Tracey in Dingley Village describes Turnbull's NBN as 'an exorbitant waste of money invested in backward technology'. I couldn't agree with you more, Tracey. Andrew from Oakleigh South, like many, has had problems with the installation process. He said:

NBN have damaged my house … and they also managed to stuff up the installation in my elderly neighbour's property at well … All this hassle for obsolete technology.

Stephen in Hughesdale said:

This is the worst and slowest internet I have had in a long time.

Paul in Keysborough said:

The NBN is no better than what I had before, in some ways it is worse.

Joanne in Clayton South said:

Australia is so far behind when it comes to the internet. This is outdated technology. If the government wants to spend tax payers money, give us something to be proud of and that is useful. Not this crap.

Excuse my French, Deputy Speaker. That was a direct quote, telling it like Aussies do. I'll end with Matthew in Cheltenham, who said:

I can't say anything nice so I won't say anything at all.

I can assure you that these comments go on and on and on. Among the many people who responded to our survey and those I have talked to about their NBN, I would say there is almost universal frustration and dissatisfaction with the service that is being provided. In the survey work that we did in my electorate, we found that 77 per cent of those connected to the NBN in Hotham are either dissatisfied or very dissatisfied with the network. Of those not yet connected to the NBN, 84 per cent don't want the old copper and cable technology that's planned for them; they want Labor's fibre connection straight to their home. In Hotham—and no surprise here—the vast majority of people connected to the NBN who are unsatisfied have HFC or FTTN. Those are the Prime Minister's old technologies that he cobbled together. It's meant to be called 'broadband'; they call it 'fraudband', and this is why.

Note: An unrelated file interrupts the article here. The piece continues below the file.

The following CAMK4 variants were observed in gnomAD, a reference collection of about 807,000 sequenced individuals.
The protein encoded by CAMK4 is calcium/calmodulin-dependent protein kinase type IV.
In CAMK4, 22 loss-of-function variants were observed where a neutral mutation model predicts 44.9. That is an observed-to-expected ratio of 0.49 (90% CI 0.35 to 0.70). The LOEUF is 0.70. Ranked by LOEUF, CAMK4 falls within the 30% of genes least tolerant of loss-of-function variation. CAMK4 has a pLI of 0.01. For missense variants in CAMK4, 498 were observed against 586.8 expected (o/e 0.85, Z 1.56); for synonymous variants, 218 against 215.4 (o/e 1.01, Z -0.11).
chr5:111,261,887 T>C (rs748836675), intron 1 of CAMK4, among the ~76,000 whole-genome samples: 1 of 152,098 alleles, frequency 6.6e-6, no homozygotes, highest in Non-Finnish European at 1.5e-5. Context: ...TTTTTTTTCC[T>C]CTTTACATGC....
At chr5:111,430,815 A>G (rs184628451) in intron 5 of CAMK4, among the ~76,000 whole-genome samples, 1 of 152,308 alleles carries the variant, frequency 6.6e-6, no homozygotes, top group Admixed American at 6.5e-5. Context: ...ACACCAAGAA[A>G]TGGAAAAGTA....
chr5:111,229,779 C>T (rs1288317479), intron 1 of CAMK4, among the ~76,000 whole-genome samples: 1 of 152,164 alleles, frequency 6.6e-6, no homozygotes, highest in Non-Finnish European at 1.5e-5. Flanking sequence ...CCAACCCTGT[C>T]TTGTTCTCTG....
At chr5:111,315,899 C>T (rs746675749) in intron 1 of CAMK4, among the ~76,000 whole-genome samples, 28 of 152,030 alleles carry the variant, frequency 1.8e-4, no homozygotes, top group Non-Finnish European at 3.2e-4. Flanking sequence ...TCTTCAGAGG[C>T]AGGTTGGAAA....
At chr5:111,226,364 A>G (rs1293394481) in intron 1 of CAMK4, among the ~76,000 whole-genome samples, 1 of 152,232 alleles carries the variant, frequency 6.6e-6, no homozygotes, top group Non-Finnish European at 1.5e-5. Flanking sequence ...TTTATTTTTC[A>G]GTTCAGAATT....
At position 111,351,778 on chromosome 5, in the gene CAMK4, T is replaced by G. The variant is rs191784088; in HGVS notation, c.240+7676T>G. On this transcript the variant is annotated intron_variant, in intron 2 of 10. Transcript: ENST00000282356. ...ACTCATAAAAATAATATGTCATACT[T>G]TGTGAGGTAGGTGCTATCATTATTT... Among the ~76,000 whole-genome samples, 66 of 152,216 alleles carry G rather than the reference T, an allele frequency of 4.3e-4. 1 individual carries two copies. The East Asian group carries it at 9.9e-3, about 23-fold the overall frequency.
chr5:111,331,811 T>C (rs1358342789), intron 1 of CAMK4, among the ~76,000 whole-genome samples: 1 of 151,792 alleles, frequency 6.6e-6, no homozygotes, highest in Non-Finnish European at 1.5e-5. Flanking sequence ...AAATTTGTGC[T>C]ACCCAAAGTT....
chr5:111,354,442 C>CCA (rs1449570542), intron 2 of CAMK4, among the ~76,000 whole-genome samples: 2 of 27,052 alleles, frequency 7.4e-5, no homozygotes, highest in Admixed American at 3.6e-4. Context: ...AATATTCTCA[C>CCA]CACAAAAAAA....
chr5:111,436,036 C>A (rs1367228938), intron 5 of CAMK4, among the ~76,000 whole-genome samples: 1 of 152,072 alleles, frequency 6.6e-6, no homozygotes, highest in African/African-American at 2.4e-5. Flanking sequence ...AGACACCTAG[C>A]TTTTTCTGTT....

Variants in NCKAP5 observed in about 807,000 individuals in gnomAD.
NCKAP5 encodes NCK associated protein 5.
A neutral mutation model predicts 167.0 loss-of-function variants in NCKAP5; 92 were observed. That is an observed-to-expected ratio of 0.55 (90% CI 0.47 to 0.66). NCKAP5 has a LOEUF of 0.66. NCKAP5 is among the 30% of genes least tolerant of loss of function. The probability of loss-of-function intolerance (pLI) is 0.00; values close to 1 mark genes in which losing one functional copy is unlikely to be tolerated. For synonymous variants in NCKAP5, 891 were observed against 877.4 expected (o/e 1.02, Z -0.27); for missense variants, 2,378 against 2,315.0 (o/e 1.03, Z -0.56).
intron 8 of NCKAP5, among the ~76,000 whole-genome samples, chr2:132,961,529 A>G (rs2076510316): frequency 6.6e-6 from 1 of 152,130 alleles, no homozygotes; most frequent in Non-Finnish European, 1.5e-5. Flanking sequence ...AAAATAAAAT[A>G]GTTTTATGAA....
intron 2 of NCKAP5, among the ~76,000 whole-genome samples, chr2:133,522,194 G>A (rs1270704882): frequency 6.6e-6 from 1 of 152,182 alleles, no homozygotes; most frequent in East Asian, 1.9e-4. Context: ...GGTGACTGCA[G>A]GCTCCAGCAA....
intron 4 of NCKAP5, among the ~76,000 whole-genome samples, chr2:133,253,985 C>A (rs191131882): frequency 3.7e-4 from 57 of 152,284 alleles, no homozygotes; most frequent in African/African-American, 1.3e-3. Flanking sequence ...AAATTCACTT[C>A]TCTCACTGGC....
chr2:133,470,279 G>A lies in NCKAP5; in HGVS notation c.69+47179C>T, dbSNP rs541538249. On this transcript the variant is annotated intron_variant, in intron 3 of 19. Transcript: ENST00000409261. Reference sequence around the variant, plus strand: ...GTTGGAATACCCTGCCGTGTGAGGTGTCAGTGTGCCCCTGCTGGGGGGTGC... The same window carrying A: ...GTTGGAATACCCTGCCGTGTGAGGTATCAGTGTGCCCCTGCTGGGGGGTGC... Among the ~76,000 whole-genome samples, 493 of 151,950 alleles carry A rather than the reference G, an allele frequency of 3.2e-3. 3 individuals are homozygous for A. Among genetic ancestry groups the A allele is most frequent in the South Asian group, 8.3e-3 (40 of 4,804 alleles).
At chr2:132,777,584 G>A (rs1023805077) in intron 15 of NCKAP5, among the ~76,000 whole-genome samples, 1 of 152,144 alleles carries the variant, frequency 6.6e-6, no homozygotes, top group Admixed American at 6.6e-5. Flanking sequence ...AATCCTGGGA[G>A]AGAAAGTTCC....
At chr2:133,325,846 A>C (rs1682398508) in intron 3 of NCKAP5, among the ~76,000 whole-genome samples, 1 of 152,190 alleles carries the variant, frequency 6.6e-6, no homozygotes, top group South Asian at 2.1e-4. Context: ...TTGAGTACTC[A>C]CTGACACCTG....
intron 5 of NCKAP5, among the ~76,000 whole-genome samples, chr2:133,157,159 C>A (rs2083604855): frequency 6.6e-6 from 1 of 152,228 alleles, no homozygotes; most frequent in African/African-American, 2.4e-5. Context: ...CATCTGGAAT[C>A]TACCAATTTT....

But it's not just people in my electorate who are upset and frustrated by this. Poll after poll and survey after survey show us that Australians are fed up with the inferior NBN. They're fed up with the customer service that they're receiving from the organisations. They are fed up and frustrated with the poor speeds. They are fed up with poor reliability.

The Prime Minister's NBN is a failure. He should have done it once and done it with fibre. He could have done that. As a country we are paying a colossal price for the mistake that was made in choosing to cobble together technologies instead of doing it properly with fibre. We don't want a second-rate NBN that costs more and does less. I think it's time that the Prime Minister listened to the public and started to make a concerted effort to try to actually fix the mess that he's created, rather than going ahead as he had planned. Broadband isn't a luxury; it's a critical public service that needs to be done right. It's essential for the people in my electorate, it's essential for our local economy, and it's the least we could do as a government to provide them with this basic service. Many countries that have a much lower GDP per capita are finding parts to give their constituents much better services than we've been able to do. So I regard it as a failure of the government in a most profound way.

We are now having to deal with the consequences of these actions. One of the concerns I have is with the implementation of an internet tax on 400,000 residential and business services on non-NBN networks. These are the same networks that the Prime Minister, when he was in the Communications portfolio, encouraged. It is the constant failures with the NBN that have led us to this debate in this place. You are going to have member of parliament after member of parliament getting up and telling you the same thing, Deputy Speaker. We have the same message for the Prime Minister: the technology that you have chosen and the way that you have decided to do this are wrong. It is not taking us in the right direction; it is taking us backwards.

As I said at the beginning of my remarks, every year I get sick of having to look at survey after survey telling us that Australia, instead of leaping forward as we rightly should be doing with all of the incredible assets that we have in this country, is slipping further backwards on this fundamental technology. We had a so-called 'infrastructure budget' announced by the government a couple of days ago. What do you think matters more? Is it building a road or is it giving us a highway that is going to provide a foundation for the future growth of our economy? They can't get that right. I don't think that anyone looking at their record on the NBN would trust them to do any of the other things that are in that budget. It's good to have the opportunity to express the frustration of my constituents, and I've been pleased to do that today on behalf of the people of Hotham. Thank you.